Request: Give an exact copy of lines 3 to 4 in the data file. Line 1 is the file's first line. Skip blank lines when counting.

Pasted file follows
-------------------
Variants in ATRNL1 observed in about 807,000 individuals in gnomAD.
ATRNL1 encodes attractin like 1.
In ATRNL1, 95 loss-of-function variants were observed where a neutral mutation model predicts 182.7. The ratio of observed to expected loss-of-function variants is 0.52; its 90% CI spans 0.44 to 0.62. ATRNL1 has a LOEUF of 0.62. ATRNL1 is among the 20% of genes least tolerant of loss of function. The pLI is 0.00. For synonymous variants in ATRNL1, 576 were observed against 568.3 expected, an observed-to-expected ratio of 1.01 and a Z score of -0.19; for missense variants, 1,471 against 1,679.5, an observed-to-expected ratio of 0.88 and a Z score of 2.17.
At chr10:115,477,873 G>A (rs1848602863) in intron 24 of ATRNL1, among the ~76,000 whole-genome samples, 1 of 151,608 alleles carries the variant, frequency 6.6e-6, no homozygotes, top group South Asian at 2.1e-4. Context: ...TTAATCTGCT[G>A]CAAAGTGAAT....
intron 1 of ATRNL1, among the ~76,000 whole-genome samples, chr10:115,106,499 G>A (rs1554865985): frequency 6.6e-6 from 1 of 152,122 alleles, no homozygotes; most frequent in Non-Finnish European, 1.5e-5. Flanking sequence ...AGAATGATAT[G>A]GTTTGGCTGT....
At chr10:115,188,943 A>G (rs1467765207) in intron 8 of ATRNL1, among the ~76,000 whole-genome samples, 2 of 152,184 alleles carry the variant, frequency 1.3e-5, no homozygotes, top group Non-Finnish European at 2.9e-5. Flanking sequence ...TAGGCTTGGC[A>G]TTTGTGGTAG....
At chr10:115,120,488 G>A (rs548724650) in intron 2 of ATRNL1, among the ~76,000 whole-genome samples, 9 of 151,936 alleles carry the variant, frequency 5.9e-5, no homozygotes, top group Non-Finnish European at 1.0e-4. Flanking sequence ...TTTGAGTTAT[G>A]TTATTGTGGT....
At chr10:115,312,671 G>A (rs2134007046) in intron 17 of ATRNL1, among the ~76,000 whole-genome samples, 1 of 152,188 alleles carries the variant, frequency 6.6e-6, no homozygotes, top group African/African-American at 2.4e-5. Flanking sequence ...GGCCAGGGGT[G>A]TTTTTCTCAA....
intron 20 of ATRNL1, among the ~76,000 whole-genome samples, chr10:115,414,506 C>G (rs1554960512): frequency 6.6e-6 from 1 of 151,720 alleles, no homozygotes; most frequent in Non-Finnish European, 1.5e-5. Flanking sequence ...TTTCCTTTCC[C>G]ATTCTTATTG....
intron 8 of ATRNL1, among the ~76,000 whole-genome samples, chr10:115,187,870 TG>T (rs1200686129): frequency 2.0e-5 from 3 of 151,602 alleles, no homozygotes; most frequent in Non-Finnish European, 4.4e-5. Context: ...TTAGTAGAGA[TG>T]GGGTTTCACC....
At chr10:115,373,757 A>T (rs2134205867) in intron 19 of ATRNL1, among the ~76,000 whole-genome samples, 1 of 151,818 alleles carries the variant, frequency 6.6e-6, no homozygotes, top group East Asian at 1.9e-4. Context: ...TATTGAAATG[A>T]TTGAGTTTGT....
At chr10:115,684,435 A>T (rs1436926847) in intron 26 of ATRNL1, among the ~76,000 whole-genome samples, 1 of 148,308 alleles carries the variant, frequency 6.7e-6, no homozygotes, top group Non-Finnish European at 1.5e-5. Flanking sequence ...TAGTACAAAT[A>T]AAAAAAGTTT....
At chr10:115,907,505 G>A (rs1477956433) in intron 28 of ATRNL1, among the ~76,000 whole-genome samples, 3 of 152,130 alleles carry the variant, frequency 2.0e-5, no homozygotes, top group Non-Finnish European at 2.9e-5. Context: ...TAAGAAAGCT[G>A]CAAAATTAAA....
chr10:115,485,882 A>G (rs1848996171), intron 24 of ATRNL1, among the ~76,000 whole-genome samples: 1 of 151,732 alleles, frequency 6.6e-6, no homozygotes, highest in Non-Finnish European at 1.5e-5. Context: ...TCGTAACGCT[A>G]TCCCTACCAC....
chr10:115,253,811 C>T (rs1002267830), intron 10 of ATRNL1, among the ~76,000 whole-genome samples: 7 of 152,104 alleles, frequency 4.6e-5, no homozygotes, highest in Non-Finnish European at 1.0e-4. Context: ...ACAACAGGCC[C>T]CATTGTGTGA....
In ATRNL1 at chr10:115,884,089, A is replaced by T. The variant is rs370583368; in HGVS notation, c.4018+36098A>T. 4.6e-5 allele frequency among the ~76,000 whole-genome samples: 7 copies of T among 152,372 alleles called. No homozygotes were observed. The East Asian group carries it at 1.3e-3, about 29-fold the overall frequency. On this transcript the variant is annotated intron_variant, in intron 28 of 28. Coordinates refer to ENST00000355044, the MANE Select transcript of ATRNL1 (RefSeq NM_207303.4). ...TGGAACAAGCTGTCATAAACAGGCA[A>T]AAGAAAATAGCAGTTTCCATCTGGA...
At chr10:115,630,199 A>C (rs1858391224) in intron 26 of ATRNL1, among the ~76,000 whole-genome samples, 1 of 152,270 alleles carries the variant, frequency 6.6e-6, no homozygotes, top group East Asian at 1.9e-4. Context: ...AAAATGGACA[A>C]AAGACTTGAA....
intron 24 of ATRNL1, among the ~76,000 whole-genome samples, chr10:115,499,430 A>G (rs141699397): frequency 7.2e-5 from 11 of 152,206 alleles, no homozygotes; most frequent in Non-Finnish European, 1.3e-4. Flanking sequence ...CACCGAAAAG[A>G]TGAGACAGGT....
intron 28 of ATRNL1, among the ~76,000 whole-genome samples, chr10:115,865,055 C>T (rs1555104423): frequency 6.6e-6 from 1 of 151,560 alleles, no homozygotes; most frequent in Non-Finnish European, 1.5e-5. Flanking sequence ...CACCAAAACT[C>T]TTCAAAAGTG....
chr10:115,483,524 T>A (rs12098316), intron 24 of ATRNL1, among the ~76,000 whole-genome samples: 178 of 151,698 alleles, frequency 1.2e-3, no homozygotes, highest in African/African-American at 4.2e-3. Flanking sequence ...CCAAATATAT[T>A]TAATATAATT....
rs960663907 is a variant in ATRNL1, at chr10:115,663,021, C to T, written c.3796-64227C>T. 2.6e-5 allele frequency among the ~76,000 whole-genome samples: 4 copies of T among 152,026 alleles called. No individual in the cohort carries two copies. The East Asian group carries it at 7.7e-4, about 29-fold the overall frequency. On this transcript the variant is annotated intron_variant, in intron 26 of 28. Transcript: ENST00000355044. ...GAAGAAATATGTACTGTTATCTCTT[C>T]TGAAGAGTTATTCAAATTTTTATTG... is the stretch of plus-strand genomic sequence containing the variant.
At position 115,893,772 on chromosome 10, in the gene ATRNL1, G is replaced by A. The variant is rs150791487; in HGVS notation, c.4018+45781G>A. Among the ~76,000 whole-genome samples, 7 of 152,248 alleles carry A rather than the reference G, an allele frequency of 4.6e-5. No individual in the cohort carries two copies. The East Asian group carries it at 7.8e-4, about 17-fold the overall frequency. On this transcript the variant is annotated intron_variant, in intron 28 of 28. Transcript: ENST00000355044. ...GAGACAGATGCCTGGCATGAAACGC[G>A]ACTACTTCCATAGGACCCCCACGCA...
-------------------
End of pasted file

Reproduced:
In ATRNL1, 95 loss-of-function variants were observed where a neutral mutation model predicts 182.7. The ratio of observed to expected loss-of-function variants is 0.52; its 90% CI spans 0.44 to 0.62. ATRNL1 has a LOEUF of 0.62. ATRNL1 is among the 20% of genes least tolerant of loss of function. The pLI is 0.00. For synonymous variants in ATRNL1, 576 were observed against 568.3 expected, an observed-to-expected ratio of 1.01 and a Z score of -0.19; for missense variants, 1,471 against 1,679.5, an observed-to-expected ratio of 0.88 and a Z score of 2.17.
At chr10:115,477,873 G>A (rs1848602863) in intron 24 of ATRNL1, among the ~76,000 whole-genome samples, 1 of 151,608 alleles carries the variant, frequency 6.6e-6, no homozygotes, top group South Asian at 2.1e-4. Context: ...TTAATCTGCT[G>A]CAAAGTGAAT....